Example of Bitcoin Mining
Let’s say you’re trying to mine block #10 and add it to the bitcoin blockchain. Here’s a crude summary of events:
- You must verify block #9 before starting on block #10 to ensure you’re not adding to a bad fork in the chain
- Your software takes the previous block’s header and begins guessing for the golden hash that is less than or equal to the target hash
- Your software will make billions and trillions of guesses to find the right nonce, thus doing proof of work
- While your rigs are searching for the nonce, they are also verifying 1MB worth of transactions that are waiting to be verified in a “mempool” and adding the transactional data to block #10 (your software can start guessing nonces before verifying transactions, even if it’s just microseconds before, because every microsecond counts)
- If you’re first to find the nonce that is less than the target hash, congratulations, your block is added to the chain, and the information is broadcasted to the network
- You receive the block reward plus a commission on the transaction you processed for maintaining the legitimacy of the ledger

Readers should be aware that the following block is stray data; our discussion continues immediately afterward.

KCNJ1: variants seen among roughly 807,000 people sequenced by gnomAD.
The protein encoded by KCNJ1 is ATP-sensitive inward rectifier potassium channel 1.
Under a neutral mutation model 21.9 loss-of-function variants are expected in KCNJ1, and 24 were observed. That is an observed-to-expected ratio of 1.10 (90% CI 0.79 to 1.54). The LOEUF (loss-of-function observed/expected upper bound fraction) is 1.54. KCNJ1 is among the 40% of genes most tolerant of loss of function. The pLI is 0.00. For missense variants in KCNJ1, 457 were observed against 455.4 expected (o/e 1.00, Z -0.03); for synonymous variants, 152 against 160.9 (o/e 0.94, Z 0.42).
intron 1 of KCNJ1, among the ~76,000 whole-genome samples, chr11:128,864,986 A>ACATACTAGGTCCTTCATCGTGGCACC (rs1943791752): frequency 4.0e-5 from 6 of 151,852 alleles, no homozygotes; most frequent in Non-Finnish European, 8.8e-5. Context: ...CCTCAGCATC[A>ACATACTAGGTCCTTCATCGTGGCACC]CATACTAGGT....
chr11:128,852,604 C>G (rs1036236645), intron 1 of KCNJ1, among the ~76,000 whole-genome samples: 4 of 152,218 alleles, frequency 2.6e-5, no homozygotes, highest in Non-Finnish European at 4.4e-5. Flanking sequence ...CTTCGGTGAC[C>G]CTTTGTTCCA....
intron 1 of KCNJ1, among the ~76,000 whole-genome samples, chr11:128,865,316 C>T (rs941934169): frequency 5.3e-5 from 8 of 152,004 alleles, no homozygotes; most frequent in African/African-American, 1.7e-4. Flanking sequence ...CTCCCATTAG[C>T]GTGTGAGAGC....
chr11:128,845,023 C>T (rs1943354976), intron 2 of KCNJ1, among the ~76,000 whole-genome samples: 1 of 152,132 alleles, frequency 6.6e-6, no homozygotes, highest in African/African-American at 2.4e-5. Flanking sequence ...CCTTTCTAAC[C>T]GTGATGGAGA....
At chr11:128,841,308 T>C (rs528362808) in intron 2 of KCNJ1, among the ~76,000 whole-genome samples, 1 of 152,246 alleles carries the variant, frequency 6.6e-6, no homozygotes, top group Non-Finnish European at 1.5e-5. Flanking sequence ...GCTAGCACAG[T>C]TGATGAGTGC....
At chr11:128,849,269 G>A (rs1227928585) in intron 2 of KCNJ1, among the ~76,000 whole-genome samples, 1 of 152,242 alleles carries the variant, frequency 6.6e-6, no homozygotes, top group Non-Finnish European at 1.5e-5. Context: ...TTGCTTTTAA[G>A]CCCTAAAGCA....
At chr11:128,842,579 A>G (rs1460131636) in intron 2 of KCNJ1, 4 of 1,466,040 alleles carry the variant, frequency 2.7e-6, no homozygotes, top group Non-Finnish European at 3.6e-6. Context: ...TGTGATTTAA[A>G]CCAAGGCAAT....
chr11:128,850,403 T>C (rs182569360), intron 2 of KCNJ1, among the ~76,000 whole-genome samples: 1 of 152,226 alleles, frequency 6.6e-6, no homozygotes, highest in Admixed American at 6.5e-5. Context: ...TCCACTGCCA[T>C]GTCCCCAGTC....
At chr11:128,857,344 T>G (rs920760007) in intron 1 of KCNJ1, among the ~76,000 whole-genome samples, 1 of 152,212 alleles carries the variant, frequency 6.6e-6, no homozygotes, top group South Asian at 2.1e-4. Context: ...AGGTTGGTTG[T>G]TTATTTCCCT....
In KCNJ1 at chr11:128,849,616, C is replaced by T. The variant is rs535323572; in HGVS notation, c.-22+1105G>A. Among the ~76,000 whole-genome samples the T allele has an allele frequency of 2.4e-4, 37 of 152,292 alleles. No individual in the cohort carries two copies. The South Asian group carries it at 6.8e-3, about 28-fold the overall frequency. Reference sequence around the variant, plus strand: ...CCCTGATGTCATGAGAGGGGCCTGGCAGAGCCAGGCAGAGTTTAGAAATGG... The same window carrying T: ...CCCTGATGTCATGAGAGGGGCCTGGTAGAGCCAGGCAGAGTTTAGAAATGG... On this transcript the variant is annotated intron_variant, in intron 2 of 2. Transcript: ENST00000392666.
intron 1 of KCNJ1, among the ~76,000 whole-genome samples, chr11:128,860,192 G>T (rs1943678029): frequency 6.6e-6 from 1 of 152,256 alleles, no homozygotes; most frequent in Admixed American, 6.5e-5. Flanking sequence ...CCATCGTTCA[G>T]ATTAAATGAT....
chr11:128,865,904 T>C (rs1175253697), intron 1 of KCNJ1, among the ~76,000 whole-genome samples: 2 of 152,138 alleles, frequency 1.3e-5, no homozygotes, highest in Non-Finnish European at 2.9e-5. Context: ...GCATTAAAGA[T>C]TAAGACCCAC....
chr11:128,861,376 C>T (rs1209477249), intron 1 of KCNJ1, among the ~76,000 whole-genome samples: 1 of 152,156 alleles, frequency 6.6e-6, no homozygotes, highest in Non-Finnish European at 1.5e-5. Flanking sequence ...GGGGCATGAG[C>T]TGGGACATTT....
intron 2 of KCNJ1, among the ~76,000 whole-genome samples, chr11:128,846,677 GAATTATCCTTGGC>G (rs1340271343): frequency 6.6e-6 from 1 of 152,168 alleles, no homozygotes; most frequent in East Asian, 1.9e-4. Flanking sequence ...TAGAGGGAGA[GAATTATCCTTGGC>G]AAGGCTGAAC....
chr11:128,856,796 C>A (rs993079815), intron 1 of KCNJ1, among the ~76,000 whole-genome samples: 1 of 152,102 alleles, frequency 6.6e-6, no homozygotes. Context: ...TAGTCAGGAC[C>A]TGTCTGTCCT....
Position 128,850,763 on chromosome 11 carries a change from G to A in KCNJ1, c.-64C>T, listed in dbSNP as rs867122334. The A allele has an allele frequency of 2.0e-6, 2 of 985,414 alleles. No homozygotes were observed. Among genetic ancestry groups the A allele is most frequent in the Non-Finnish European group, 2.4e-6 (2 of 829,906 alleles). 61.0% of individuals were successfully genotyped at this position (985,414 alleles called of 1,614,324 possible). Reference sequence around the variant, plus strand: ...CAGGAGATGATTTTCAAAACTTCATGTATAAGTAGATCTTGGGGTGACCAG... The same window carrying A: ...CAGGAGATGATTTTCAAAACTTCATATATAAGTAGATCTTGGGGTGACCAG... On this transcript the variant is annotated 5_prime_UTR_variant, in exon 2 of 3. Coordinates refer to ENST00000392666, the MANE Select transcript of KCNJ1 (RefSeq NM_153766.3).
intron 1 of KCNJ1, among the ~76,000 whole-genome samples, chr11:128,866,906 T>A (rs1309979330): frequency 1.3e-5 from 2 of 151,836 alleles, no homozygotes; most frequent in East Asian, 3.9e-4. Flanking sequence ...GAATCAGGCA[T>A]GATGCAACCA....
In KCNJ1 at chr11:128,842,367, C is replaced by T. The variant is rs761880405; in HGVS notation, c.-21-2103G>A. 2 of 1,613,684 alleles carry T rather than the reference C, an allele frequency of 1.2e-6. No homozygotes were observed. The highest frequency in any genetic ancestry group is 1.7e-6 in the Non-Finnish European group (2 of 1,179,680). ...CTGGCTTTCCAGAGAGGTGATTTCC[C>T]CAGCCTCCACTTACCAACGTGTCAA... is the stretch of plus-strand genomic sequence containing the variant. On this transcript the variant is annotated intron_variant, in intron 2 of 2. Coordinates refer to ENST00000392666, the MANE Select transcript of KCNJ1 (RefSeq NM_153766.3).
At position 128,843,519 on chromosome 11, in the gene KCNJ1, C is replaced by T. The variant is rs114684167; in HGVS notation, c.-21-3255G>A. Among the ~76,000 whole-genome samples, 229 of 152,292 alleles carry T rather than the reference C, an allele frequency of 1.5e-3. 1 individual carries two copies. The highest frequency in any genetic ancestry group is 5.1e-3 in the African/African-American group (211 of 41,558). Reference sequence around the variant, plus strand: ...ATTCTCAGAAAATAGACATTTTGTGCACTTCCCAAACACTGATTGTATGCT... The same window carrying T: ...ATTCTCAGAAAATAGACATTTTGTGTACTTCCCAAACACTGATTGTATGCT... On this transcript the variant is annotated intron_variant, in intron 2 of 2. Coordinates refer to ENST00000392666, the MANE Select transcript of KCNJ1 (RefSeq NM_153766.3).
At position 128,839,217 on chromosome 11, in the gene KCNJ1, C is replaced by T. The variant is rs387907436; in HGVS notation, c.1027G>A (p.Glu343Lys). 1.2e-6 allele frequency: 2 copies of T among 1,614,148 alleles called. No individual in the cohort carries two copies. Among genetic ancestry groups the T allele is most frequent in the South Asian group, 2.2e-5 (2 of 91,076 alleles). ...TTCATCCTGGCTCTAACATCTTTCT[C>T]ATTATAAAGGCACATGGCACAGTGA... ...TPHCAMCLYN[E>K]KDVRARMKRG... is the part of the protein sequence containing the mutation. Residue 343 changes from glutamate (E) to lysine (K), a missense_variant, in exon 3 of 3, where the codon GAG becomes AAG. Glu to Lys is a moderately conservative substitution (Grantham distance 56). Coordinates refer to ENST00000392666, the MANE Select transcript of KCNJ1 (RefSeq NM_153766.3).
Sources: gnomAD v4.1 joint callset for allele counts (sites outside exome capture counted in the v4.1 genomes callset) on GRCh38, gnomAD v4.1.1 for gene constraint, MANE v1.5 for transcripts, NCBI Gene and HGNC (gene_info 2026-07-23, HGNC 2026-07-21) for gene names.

- The other miners verify block #10, and the race to confirm block #11 begins
Keep in mind that all of these processes are done by specialized computers and software — there is no human involvement in the computations.
Humans purchase the equipment and set the initial conditions for the mining systems to do the heavy lifting, making sure everything is plugged in where it’s supposed to be, and the electricity is on.
Economics of Bitcoin Mining
Miners typically sell the majority of their block reward to cover the costs of the specialty mining hardware and software, electricity, and energy required to power and cool the mining equipment, thus providing liquidity to the market.
The amount they sell largely depends on the price of bitcoin because they’re selling it for goods and services priced in bitcoin’s USD exchange rate.
It’s been a golden year for bitcoin miners in 2021. For many, their mining equipment was purchased and well established before the bitcoin price surged to new all-time highs, resulting in unprecedented margins and holding a larger percentage of the block reward.
However, the economics work the other way too. As the price of bitcoin goes up, so does the cost of the mining equipment because its demand increases, and there’s only so much hardware.